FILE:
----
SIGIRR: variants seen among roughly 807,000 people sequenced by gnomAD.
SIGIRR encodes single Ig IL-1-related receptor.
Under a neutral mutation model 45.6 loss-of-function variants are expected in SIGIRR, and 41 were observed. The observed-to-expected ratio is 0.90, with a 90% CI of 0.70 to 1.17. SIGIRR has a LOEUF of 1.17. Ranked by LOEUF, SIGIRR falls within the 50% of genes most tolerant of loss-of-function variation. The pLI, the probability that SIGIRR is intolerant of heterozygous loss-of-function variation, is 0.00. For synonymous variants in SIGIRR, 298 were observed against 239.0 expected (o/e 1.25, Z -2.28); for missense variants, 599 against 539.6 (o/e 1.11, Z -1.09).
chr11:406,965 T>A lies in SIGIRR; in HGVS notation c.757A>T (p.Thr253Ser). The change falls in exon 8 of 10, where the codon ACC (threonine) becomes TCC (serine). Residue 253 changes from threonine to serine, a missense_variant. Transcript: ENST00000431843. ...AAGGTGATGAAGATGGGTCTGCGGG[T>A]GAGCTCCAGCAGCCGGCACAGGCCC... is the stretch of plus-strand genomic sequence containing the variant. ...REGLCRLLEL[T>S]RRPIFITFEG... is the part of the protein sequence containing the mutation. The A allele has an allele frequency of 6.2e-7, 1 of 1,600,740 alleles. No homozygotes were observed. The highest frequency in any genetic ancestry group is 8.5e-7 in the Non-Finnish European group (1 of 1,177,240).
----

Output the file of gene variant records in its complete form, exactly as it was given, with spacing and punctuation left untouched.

SIGIRR: variants seen among roughly 807,000 people sequenced by gnomAD.
SIGIRR encodes single Ig IL-1-related receptor.
Under a neutral mutation model 45.6 loss-of-function variants are expected in SIGIRR, and 41 were observed. The observed-to-expected ratio is 0.90, with a 90% CI of 0.70 to 1.17. SIGIRR has a LOEUF of 1.17. Ranked by LOEUF, SIGIRR falls within the 50% of genes most tolerant of loss-of-function variation. The pLI, the probability that SIGIRR is intolerant of heterozygous loss-of-function variation, is 0.00. For synonymous variants in SIGIRR, 298 were observed against 239.0 expected (o/e 1.25, Z -2.28); for missense variants, 599 against 539.6 (o/e 1.11, Z -1.09).
chr11:406,965 T>A lies in SIGIRR; in HGVS notation c.757A>T (p.Thr253Ser). The change falls in exon 8 of 10, where the codon ACC (threonine) becomes TCC (serine). Residue 253 changes from threonine to serine, a missense_variant. Transcript: ENST00000431843. ...AAGGTGATGAAGATGGGTCTGCGGG[T>A]GAGCTCCAGCAGCCGGCACAGGCCC... is the stretch of plus-strand genomic sequence containing the variant. ...REGLCRLLEL[T>S]RRPIFITFEG... is the part of the protein sequence containing the mutation. The A allele has an allele frequency of 6.2e-7, 1 of 1,600,740 alleles. No homozygotes were observed. The highest frequency in any genetic ancestry group is 8.5e-7 in the Non-Finnish European group (1 of 1,177,240).